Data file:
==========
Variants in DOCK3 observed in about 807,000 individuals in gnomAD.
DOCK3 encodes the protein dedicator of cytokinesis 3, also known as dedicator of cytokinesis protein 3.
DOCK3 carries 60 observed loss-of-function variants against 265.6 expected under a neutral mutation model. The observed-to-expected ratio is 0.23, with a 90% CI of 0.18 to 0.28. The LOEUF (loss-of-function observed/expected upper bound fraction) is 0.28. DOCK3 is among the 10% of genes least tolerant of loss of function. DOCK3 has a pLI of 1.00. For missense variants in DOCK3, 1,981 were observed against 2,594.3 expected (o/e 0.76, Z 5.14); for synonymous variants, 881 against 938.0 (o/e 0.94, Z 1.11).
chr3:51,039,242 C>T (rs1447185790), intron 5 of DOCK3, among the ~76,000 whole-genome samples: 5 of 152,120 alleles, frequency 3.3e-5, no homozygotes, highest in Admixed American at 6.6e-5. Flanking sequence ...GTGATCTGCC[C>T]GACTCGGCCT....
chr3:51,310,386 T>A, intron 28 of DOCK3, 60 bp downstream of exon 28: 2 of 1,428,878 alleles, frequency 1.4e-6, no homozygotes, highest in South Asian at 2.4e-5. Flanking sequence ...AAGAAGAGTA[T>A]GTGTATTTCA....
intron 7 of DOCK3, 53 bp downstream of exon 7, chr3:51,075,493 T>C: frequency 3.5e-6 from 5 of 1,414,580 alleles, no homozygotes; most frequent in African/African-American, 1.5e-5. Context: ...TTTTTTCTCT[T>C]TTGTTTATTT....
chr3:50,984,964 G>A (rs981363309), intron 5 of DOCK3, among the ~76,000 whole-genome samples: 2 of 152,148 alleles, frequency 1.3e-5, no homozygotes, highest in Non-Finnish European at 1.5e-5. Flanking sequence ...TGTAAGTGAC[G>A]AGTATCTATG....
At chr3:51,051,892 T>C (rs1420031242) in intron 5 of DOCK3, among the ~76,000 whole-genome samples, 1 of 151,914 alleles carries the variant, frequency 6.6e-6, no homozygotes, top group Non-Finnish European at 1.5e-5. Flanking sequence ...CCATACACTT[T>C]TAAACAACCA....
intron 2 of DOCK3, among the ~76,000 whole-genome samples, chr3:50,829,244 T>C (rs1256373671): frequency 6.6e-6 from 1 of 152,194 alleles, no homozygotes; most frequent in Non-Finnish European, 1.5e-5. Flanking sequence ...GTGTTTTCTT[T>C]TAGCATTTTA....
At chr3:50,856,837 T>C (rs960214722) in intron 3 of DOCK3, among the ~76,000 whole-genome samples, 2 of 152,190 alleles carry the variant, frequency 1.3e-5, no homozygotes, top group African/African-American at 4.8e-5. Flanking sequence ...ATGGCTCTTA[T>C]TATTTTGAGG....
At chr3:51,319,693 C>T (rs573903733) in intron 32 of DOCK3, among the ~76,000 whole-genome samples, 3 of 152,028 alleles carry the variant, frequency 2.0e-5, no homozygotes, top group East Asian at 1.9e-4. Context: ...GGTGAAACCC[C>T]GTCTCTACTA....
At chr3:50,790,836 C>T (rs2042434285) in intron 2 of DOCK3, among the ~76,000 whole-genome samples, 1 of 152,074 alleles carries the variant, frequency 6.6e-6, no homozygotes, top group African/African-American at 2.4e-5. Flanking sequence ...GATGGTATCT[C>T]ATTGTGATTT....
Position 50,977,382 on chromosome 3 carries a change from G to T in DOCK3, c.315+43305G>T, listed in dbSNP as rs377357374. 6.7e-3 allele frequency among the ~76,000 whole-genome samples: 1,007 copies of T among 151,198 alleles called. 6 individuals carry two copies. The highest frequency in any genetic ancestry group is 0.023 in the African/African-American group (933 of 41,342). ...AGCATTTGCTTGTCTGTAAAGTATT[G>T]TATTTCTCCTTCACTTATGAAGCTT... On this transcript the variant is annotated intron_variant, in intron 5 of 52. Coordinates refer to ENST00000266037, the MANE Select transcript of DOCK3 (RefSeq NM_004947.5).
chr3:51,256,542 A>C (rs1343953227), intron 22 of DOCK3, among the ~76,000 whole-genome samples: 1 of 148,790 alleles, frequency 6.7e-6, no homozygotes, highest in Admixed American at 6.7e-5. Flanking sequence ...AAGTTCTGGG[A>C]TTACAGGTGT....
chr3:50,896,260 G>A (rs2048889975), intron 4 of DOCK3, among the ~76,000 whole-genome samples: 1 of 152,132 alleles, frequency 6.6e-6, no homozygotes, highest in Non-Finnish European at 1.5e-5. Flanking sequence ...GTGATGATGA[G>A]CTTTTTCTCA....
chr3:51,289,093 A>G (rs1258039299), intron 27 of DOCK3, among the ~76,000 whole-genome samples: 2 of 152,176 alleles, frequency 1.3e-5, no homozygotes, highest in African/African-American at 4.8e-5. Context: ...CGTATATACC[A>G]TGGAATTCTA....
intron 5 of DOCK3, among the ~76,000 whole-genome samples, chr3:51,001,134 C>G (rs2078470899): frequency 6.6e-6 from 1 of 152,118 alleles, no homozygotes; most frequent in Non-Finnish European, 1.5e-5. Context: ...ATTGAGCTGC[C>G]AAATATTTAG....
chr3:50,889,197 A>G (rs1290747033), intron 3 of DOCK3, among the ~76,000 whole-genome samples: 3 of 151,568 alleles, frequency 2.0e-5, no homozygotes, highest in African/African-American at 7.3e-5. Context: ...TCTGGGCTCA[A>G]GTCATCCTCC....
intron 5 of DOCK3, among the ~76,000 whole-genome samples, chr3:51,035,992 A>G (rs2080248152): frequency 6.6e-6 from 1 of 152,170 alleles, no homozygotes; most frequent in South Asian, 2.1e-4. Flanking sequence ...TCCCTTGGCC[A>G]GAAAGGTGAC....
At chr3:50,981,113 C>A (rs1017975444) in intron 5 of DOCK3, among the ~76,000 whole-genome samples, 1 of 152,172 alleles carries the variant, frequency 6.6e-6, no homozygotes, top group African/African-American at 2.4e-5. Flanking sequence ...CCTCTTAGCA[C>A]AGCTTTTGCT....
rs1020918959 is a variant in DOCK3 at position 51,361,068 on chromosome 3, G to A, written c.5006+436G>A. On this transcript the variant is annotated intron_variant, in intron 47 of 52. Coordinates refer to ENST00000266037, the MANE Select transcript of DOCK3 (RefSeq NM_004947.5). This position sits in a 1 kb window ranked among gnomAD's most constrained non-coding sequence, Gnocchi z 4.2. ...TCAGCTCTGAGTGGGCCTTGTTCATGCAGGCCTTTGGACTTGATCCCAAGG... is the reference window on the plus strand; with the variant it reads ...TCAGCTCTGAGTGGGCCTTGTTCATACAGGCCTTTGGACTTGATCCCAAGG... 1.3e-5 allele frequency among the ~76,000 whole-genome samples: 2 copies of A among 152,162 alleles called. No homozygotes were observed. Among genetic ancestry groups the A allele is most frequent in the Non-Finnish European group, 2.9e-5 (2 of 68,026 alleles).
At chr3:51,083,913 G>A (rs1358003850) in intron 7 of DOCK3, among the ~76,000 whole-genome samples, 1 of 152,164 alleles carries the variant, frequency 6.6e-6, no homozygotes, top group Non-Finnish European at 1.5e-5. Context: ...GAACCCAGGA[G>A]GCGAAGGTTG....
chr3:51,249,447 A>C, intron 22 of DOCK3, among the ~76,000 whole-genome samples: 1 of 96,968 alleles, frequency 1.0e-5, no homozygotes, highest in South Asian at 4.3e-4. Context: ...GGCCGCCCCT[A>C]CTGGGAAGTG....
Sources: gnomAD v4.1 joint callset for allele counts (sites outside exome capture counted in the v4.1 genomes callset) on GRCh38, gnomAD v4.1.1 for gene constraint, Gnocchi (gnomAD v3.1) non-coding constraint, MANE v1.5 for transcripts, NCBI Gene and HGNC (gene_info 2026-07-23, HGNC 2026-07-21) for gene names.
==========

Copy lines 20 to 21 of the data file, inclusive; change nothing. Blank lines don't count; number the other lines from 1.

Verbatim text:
At chr3:50,981,113 C>A (rs1017975444) in intron 5 of DOCK3, among the ~76,000 whole-genome samples, 1 of 152,172 alleles carries the variant, frequency 6.6e-6, no homozygotes, top group African/African-American at 2.4e-5. Flanking sequence ...CCTCTTAGCA[C>A]AGCTTTTGCT....
rs1020918959 is a variant in DOCK3 at position 51,361,068 on chromosome 3, G to A, written c.5006+436G>A. On this transcript the variant is annotated intron_variant, in intron 47 of 52. Coordinates refer to ENST00000266037, the MANE Select transcript of DOCK3 (RefSeq NM_004947.5). This position sits in a 1 kb window ranked among gnomAD's most constrained non-coding sequence, Gnocchi z 4.2. ...TCAGCTCTGAGTGGGCCTTGTTCATGCAGGCCTTTGGACTTGATCCCAAGG... is the reference window on the plus strand; with the variant it reads ...TCAGCTCTGAGTGGGCCTTGTTCATACAGGCCTTTGGACTTGATCCCAAGG... 1.3e-5 allele frequency among the ~76,000 whole-genome samples: 2 copies of A among 152,162 alleles called. No homozygotes were observed. Among genetic ancestry groups the A allele is most frequent in the Non-Finnish European group, 2.9e-5 (2 of 68,026 alleles).